Sign Error: Five Papers Retracted

This post originally appeared on the Software Carpentry website.

Via Genome Biology (free registration for trial access required), news that scientists from the Scripps Institute have to retract five papers published in various prestigious journals because of a sign error in a computer program. As Gregory Petsko says in the article:

Their mistake has consequences beyond the damage to the unfortunate young investigator and his team. For five years, other labs have been interpreting their biophysical and biochemical data in terms of the wrong structures. A number of scientists have been unable to publish their results because they seemed to contradict the published X-ray structures. I personally know of at least one investigator whose grant application was turned down for funding because his biochemical data did not agree with the structures. One could argue that an entire sub-field has been held back for years...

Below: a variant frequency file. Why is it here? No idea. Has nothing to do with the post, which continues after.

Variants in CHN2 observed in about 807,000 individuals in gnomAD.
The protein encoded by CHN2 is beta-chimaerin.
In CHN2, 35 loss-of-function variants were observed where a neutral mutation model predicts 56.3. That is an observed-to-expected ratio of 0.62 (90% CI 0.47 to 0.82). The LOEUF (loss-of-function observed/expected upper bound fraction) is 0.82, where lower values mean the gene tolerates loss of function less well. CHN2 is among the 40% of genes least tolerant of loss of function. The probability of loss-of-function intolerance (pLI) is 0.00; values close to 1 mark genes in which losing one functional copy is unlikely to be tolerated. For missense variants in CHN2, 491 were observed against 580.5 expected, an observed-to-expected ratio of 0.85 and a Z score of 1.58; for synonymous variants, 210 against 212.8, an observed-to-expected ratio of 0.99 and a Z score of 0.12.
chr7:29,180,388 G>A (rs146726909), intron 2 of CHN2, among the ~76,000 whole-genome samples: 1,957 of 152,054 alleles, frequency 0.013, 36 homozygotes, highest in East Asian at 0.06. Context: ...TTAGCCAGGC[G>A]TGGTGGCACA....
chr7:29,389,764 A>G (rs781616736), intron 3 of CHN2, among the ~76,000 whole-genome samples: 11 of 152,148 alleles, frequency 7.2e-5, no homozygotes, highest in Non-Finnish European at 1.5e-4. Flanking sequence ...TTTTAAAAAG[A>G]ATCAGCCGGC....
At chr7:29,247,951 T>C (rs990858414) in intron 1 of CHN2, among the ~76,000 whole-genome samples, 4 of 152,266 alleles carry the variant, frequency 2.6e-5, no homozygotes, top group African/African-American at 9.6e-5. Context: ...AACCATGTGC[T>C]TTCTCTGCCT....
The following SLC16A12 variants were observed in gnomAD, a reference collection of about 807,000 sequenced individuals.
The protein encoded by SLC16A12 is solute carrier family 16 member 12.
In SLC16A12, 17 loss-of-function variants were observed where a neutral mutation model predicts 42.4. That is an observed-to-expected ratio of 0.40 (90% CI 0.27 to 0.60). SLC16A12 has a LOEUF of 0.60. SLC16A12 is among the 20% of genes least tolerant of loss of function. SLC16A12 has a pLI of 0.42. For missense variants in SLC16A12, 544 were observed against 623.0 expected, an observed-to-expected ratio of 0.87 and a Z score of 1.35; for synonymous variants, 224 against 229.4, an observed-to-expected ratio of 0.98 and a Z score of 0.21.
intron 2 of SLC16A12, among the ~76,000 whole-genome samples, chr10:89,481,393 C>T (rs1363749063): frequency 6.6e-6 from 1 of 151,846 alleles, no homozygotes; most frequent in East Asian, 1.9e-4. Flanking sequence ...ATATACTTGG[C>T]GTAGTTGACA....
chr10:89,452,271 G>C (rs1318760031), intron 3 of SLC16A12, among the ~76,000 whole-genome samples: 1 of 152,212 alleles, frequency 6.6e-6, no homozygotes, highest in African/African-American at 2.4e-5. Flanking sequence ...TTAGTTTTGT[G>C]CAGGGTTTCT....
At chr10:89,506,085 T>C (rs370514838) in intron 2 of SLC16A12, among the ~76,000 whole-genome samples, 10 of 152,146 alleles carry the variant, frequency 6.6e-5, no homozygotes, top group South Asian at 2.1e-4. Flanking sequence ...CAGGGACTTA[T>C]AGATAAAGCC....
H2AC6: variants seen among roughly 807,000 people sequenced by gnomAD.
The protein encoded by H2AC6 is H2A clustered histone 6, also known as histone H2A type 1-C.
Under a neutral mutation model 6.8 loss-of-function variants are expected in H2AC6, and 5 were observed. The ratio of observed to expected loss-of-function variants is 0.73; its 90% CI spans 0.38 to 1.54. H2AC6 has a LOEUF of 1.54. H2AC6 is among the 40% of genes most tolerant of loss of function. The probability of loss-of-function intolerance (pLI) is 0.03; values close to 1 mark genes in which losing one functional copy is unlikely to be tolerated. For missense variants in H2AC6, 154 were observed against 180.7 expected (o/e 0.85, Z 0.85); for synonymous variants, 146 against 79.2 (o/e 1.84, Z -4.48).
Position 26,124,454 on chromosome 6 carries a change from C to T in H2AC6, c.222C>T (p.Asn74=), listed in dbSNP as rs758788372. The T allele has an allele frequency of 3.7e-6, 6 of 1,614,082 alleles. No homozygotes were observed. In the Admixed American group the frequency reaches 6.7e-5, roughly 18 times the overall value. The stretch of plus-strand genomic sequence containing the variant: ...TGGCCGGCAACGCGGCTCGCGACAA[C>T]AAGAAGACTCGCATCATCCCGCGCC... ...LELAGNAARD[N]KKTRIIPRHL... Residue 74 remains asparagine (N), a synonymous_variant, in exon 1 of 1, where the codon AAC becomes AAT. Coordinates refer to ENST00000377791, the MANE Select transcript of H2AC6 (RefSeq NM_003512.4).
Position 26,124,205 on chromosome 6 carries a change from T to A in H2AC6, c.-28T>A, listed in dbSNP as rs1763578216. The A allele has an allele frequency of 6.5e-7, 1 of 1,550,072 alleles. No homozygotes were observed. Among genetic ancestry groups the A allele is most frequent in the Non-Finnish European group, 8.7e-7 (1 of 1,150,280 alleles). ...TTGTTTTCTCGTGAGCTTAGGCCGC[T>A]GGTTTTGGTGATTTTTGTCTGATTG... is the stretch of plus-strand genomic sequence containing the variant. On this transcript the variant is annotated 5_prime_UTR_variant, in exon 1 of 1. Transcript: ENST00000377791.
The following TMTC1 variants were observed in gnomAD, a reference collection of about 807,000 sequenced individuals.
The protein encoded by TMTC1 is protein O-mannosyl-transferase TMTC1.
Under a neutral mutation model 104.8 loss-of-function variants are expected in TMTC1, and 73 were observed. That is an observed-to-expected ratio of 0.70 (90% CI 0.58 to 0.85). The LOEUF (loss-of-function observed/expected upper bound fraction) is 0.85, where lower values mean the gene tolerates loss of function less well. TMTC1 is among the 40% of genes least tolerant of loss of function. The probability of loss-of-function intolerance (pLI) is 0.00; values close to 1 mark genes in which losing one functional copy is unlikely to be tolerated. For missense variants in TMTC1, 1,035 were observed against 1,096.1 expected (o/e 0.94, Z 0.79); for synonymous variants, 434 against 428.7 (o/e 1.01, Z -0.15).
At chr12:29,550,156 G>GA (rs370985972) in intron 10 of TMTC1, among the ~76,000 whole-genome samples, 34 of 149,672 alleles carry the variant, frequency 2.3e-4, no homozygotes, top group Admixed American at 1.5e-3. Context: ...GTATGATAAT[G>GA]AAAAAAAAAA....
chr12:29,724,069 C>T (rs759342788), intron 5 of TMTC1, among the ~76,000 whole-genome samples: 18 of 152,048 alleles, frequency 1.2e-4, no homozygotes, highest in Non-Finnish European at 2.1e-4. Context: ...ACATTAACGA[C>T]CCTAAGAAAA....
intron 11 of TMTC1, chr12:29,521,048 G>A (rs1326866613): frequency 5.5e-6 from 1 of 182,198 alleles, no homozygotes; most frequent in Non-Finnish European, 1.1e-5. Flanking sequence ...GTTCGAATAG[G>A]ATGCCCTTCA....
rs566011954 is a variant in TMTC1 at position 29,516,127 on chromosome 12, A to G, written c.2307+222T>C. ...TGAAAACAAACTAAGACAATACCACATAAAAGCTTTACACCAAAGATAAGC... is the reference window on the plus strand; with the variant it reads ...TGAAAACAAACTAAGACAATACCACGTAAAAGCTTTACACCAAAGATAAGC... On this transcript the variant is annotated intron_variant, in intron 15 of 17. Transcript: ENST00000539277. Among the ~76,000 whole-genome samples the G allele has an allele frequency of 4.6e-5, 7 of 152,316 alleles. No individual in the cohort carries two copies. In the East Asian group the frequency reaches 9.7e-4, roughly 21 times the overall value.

If I was a twenty-something working toward my PhD, I'd be thinking very hard about how I was going to validate the programs I was writing—the odds are growing steadily that journal editors and granting agencies are going to start demanding some sort of due diligence, sooner rather than later.

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